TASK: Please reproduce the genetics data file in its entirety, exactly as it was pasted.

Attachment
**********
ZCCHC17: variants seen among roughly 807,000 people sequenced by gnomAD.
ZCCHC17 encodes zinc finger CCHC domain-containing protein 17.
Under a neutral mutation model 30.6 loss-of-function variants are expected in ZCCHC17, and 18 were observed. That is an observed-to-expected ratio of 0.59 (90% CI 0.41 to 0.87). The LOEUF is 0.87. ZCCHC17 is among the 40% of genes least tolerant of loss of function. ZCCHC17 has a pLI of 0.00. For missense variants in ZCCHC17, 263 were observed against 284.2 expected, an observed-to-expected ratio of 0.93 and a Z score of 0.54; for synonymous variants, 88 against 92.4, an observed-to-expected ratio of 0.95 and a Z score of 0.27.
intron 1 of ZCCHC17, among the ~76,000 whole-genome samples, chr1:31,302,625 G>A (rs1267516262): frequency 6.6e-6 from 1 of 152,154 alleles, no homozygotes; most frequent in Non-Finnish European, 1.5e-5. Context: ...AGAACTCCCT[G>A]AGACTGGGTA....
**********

ZCCHC17: variants seen among roughly 807,000 people sequenced by gnomAD.
ZCCHC17 encodes zinc finger CCHC domain-containing protein 17.
Under a neutral mutation model 30.6 loss-of-function variants are expected in ZCCHC17, and 18 were observed. That is an observed-to-expected ratio of 0.59 (90% CI 0.41 to 0.87). The LOEUF is 0.87. ZCCHC17 is among the 40% of genes least tolerant of loss of function. ZCCHC17 has a pLI of 0.00. For missense variants in ZCCHC17, 263 were observed against 284.2 expected, an observed-to-expected ratio of 0.93 and a Z score of 0.54; for synonymous variants, 88 against 92.4, an observed-to-expected ratio of 0.95 and a Z score of 0.27.
intron 1 of ZCCHC17, among the ~76,000 whole-genome samples, chr1:31,302,625 G>A (rs1267516262): frequency 6.6e-6 from 1 of 152,154 alleles, no homozygotes; most frequent in Non-Finnish European, 1.5e-5. Context: ...AGAACTCCCT[G>A]AGACTGGGTA....